From: Perry E. Metzger (firstname.lastname@example.org)
Date: Fri Jan 02 2004 - 17:30:59 MST
"Eliezer S. Yudkowsky" <email@example.com> writes:
> To sum up, natural selection *as we know it*, which is to say, natural
> selection in any noticeable quantity, is not an automatic consequence
> of physics. It applies to butterflies, but not pebbles,
Because pebbles cannot construct new pebbles that inherit their
characteristics. If one can build a Von Neumann Machine and launch it
out to spread its descendents throughout the universe, you can be damn
sure that natural selection applies to it.
> Correspondingly, we can expect that any SI we deal with will exclude
> the set of SIs that immediately shut themselves down, and that
> whichever SI we see will be the result of an optimization process that
> was capable of self-optimization and preferred that choice. But this
> does not imply that any SI we deal with will attach a huge intrinsic
> utility to its own survival.
Then the other SIs out there somewhere that arrive eventually and
which *do* attach a huge utility to their own survival might end up
having an advantage over them. We do not control the set of all actors
that are participating in the experiment. (Indeed, we barely control
any of them.)
> It follows that we have no reason to expect any SI we deal with to
> attach a huge intrinsic utility to its own survival.
Again, there will be (eventually) entire ecologies of new life that
arise outside of the area of our physical control that we'll have to
confront. I do not believe that your argument applies to all of them
even if it were to apply to a anything we ourselves build.
> Similarly, for any optimization process that can configure matter in
> ways that it reckons will create instrumental utility, or fulfill
> intrinsic utility, or avoid expected negative utility, with respect to
> any possible aspect of its goal system, we should expect that
> optimization process to optimize all available matter, since that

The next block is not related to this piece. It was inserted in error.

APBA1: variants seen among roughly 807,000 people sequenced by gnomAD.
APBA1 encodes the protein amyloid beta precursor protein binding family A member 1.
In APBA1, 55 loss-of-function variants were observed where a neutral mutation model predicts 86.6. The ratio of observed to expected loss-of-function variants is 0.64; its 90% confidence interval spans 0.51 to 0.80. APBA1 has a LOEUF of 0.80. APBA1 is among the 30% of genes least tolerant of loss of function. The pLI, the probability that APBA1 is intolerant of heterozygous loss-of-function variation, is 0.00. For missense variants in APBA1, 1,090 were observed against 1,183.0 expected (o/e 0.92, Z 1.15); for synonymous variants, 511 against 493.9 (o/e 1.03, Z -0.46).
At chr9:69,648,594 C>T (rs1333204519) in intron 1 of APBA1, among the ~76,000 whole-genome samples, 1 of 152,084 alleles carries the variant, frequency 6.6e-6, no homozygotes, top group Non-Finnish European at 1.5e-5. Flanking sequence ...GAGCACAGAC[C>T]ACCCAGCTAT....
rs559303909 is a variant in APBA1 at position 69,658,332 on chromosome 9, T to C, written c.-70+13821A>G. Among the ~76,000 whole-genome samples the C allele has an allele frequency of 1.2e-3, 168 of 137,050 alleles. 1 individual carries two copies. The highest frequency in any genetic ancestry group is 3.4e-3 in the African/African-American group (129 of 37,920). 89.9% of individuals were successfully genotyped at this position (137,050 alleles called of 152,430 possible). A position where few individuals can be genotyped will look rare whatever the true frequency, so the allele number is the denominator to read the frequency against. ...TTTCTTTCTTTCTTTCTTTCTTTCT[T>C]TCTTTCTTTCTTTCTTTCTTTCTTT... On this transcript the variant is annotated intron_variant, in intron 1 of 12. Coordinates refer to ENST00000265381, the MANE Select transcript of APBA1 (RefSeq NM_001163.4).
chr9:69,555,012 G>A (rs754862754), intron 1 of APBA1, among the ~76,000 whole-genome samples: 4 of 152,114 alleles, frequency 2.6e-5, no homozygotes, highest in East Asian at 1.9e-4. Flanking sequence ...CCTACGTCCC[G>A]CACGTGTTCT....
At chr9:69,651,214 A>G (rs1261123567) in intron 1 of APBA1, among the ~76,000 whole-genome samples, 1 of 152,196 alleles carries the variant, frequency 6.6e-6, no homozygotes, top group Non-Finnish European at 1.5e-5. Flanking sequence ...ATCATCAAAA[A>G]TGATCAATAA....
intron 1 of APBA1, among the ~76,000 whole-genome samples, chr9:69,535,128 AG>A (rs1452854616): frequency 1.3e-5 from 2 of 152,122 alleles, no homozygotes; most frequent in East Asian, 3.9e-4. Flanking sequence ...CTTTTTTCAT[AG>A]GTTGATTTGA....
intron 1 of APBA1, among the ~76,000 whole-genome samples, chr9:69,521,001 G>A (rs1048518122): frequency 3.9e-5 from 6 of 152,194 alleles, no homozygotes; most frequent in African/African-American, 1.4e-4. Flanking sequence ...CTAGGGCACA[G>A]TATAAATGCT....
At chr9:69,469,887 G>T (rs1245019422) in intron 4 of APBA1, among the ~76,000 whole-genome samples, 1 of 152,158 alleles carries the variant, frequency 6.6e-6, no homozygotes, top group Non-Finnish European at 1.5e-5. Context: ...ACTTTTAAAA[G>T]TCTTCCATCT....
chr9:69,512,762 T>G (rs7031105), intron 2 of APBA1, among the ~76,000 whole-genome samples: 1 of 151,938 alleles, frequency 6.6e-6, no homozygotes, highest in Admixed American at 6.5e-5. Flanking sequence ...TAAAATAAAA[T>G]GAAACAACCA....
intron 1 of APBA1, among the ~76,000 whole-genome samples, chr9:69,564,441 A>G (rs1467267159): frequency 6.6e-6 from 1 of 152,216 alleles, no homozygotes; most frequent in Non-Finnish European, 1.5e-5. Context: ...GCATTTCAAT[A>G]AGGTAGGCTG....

> action will be perceived as more desirable than the alternative,
> assuming the entity implements some kind of expected utility equation
> for ordering preferences over choices.
> For an extremely large class of SIs, they will *all* choose to absorb
> all nearby matter. So there is no reason to suppose that they would
> need a particular desire to reproduce.
It is difficult to control things at long distances -- the speed of
light gets in the way. That provides a powerful incentive to send out
other intelligences. In addition, in a large enough universe, we can
assume that someone, somewhere, will decide to build Von Neumann
machines eventually, and send them off to explore in all directions.
It is also unclear that we'll deal with only one SI in our local
neighborhood, or that all people building such things will have the
same ideas about how to build them, or that they'll get built by us at
> And finally, there is no reason to suppose that the process whereby
> SIs absorb matter, optimize matter, or in other ways do things with
> matter, would create subregions with (a) large heritable changes in
> properties, that (b) correlate to large differences in the rate at
> which these regions spread or transform other matter, and that (c)
> this process will continue over the thousands or millions of
> generations that would be required for the natural selection dynamic
> to produce optimized functional complexity.
Even if we had any control over what shows up around here, we don't
have particularly good control over the entire reachable portion of
> Almost any utility function I have ever heard proposed
> will choose to spread across the cosmos and transform matter into
> either (1) *maximally high-fidelity copies* of the optimization
> control structure or (2) configurations that fulfill intrinsic
In the only experiment we've seen done on this -- the earth -- we
found neither condition to have been satisfied. I'm far from convinced
the future will necessarily work the way you propose.
> In short, under scenarios of the type I have seen discussed so far,
> replicator dynamics do not apply to SIs.
So you keep asserting....
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